In his most famous work “The Structure of Scientific Revolutions” (1962 and 1969), the philosopher Thomans Kuhn analyzes the history of science and its various implications in all areas of research.

According to Kuhn’s vision, scientific development is made up of three main components:

Paradigm, namely a set of universally recognized principles, methodological processes and cultural concepts that refers to the work of the “scientific community” of a certain era. The scientific community is made up of scientists who, possessing the same paradigm, share the same ethical vision, assessment criteria, interpretative models, methods and solutions for solving problems and who believe their successors ought to be educated on the basis of these same contents and values.

Normal science, namely a phase in which scientists appear committed to consolidating, confirming and developing existing paradigms by solving contradictions and “puzzles” as they arise. Kuhn believes that normal science enters a crisis due to a series of “anomalies”, i.e. new and unexpected events, which scientists then attempt to adapt with varying degrees of success within “the prefabricated and relatively rigid boxes” provided by the existing paradigm. However, these actions, repeated over time, cause the old system to weaken from the inside, producing a true and proper crisis.

Revolutionary breakdown, namely the time when there is a true and proper turning point that leads to the abandonment of the old paradigm and the arrival of a new way of looking at the world. Scientists, when faced with multiple problems that they cannot solve by applying a certain paradigm, question the principles followed and accepted up until that time as “dogmas” and go on the search for a new paradigm. Everything, therefore, has to be rethought: basic concepts, methods and problems.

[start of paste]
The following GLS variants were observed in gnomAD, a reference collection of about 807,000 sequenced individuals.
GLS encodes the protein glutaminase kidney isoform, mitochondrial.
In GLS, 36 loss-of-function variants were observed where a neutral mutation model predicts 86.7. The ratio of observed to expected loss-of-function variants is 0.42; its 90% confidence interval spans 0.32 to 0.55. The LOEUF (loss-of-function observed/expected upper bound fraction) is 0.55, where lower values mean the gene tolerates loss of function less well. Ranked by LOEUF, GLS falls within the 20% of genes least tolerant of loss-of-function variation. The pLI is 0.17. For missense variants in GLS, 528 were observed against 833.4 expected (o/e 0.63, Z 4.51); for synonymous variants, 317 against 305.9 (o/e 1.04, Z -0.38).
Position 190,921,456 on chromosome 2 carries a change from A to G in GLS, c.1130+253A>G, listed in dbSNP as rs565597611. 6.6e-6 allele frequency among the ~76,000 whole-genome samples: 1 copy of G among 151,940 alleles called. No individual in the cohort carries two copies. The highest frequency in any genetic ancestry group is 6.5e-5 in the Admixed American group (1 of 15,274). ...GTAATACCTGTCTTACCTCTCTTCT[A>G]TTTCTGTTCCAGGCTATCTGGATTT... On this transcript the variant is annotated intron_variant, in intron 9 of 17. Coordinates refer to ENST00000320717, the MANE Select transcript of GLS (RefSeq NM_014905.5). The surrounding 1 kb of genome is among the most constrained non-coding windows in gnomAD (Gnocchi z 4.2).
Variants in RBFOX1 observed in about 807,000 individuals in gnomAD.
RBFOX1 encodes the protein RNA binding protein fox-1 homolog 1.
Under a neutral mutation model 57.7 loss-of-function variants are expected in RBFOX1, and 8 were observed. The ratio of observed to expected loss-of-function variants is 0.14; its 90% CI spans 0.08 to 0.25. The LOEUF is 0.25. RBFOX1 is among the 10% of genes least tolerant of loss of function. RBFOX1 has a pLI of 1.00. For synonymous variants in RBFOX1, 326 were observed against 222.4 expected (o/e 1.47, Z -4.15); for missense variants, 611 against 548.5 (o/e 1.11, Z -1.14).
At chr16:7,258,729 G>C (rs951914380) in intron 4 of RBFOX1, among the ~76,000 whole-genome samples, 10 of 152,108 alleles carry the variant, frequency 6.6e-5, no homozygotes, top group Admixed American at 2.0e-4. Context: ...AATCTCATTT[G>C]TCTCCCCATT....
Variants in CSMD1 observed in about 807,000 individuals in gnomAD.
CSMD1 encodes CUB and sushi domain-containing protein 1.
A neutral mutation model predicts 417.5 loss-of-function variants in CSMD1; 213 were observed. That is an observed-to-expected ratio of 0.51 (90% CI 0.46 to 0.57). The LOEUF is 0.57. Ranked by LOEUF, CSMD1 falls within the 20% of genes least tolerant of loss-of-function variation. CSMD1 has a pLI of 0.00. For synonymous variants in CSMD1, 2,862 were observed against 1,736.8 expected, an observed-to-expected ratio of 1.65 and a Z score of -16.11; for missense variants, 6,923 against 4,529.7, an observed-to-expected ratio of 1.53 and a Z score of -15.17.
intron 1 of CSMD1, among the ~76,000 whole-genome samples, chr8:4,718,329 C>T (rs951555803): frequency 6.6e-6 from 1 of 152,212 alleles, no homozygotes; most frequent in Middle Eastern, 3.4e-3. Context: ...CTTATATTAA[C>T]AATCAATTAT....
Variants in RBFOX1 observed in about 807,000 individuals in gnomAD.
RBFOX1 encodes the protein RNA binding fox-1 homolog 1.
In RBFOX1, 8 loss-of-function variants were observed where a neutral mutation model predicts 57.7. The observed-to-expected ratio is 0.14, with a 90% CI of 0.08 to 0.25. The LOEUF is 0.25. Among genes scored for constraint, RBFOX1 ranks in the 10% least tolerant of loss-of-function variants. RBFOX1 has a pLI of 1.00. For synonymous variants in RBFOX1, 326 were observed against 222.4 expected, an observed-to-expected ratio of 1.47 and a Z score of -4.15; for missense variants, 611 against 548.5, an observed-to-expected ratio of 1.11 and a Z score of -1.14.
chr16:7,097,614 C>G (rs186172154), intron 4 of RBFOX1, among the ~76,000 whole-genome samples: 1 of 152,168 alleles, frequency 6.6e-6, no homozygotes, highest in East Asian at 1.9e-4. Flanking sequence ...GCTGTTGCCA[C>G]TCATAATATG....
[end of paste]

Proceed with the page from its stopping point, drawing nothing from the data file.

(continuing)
When paradigms change, the world itself changes with them. Led by a new paradigm, scientists adopt new instruments and look in new places. Even more important, during revolutions scientists see new and different things when looking with familiar instruments in places they have looked before. It is rather as if the professional community had been suddenly transported to another planet where familiar objects are seen in a different light and are joined by unfamiliar ones as well”.

Subsequently, Kuhn defined the paradigm also like a “disciplinary matrix”, made up of four sections: symbolic generalizations, metaphysical presumptions, value judgments of theories, and puzzle solvers used as models or examples.

In this way Kuhn presents a vision of scientific progress that must always be correlated with an actual situation and whose validity is limited to a well-defined methodology. The classic notions of improvement and development can therefore only be managed in particular fields.

Kuhn’s vision is more relevant than ever today and sets scientists a fascinating task: to build clear criteria to assess if new knowledge increases or decreases the collective wealth accumulated in the historical memory of scientific practice.